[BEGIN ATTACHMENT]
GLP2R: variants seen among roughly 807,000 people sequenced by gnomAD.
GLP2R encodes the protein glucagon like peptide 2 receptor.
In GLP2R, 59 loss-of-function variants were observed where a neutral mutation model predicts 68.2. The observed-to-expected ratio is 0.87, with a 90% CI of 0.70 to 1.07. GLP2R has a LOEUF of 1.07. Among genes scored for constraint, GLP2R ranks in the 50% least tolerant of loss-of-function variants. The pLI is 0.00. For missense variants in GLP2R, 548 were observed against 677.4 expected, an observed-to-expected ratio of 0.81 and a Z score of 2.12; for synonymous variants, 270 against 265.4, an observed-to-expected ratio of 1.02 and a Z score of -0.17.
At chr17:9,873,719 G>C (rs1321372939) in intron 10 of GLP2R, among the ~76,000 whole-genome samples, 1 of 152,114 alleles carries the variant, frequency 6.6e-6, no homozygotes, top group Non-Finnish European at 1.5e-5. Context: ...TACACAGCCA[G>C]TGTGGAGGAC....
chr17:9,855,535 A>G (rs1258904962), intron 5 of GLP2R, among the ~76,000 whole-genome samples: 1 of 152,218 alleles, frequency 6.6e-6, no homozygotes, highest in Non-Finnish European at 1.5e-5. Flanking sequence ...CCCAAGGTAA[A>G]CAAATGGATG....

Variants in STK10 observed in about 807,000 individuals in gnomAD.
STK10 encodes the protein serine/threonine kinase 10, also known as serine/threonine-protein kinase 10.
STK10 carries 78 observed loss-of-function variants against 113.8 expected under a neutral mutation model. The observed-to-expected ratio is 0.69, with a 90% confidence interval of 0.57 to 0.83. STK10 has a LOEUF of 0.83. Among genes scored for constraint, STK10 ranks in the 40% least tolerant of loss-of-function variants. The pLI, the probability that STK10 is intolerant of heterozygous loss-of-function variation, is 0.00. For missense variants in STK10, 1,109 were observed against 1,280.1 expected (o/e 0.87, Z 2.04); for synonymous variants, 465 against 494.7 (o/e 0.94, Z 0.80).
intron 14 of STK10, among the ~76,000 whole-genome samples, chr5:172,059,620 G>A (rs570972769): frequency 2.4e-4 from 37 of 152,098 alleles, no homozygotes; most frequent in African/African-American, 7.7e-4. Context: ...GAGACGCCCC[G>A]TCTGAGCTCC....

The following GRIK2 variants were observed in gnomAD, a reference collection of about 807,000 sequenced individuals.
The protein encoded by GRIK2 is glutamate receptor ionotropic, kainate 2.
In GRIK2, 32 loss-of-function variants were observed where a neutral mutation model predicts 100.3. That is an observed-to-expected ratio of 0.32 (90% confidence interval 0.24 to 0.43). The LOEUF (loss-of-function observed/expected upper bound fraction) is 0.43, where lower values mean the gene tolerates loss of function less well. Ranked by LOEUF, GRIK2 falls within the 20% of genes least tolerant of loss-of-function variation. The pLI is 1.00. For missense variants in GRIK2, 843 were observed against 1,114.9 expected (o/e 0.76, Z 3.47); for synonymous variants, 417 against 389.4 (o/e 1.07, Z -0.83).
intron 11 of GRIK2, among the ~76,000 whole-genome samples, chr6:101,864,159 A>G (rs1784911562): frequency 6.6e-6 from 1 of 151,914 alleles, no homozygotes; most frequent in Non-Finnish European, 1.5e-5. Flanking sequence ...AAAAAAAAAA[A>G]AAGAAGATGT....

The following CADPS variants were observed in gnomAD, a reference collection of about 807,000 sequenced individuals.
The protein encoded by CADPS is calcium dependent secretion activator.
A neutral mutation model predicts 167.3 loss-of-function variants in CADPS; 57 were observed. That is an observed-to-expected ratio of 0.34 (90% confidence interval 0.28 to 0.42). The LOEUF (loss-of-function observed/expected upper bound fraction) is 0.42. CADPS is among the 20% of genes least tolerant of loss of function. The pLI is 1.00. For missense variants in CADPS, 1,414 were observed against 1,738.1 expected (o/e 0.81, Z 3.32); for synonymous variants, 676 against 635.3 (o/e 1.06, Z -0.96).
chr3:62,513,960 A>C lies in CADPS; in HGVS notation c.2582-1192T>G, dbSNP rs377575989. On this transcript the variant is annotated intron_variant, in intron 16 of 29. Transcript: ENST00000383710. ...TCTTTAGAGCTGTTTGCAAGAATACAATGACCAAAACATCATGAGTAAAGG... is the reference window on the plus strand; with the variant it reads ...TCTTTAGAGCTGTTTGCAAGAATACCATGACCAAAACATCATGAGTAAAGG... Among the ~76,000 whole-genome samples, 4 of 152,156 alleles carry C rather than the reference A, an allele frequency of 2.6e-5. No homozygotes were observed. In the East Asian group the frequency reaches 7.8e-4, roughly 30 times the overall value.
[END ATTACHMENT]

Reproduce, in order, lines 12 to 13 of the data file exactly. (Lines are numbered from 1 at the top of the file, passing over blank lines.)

In GRIK2, 32 loss-of-function variants were observed where a neutral mutation model predicts 100.3. That is an observed-to-expected ratio of 0.32 (90% confidence interval 0.24 to 0.43). The LOEUF (loss-of-function observed/expected upper bound fraction) is 0.43, where lower values mean the gene tolerates loss of function less well. Ranked by LOEUF, GRIK2 falls within the 20% of genes least tolerant of loss-of-function variation. The pLI is 1.00. For missense variants in GRIK2, 843 were observed against 1,114.9 expected (o/e 0.76, Z 3.47); for synonymous variants, 417 against 389.4 (o/e 1.07, Z -0.83).
intron 11 of GRIK2, among the ~76,000 whole-genome samples, chr6:101,864,159 A>G (rs1784911562): frequency 6.6e-6 from 1 of 151,914 alleles, no homozygotes; most frequent in Non-Finnish European, 1.5e-5. Flanking sequence ...AAAAAAAAAA[A>G]AAGAAGATGT....